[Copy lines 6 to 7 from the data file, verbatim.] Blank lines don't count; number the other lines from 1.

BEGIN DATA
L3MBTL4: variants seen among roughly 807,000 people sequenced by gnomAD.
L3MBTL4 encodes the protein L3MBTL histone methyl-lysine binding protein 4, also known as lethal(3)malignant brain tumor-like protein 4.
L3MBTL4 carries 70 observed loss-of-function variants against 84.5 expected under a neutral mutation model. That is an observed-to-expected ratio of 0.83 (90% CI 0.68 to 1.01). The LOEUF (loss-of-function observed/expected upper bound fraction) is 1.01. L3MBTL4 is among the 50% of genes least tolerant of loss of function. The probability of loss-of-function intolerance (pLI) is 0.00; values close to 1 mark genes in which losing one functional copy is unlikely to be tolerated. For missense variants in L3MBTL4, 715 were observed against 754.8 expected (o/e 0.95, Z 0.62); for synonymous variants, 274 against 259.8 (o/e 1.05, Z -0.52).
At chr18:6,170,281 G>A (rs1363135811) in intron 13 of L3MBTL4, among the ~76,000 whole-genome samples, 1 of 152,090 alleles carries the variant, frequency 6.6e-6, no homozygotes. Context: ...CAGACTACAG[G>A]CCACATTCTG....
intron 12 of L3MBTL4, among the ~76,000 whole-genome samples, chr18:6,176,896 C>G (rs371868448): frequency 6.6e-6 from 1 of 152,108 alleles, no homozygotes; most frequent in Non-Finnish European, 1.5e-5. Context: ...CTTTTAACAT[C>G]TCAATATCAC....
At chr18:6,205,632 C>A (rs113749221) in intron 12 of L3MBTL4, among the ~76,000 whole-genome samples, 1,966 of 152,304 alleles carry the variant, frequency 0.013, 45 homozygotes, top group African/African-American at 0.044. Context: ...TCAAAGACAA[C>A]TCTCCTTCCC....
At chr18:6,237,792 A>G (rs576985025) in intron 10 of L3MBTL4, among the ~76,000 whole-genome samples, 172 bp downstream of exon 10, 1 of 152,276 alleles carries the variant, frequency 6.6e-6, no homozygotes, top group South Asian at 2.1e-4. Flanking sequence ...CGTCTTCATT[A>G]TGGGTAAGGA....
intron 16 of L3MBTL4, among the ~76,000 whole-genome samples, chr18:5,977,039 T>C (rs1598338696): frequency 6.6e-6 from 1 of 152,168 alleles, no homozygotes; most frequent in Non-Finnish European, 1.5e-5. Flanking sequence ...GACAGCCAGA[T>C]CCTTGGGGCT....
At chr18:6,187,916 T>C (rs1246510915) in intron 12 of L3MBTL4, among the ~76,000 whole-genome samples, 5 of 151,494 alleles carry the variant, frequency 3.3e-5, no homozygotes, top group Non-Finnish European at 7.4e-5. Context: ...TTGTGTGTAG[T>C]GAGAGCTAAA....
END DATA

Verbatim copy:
At chr18:6,205,632 C>A (rs113749221) in intron 12 of L3MBTL4, among the ~76,000 whole-genome samples, 1,966 of 152,304 alleles carry the variant, frequency 0.013, 45 homozygotes, top group African/African-American at 0.044. Context: ...TCAAAGACAA[C>A]TCTCCTTCCC....
At chr18:6,237,792 A>G (rs576985025) in intron 10 of L3MBTL4, among the ~76,000 whole-genome samples, 172 bp downstream of exon 10, 1 of 152,276 alleles carries the variant, frequency 6.6e-6, no homozygotes, top group South Asian at 2.1e-4. Flanking sequence ...CGTCTTCATT[A>G]TGGGTAAGGA....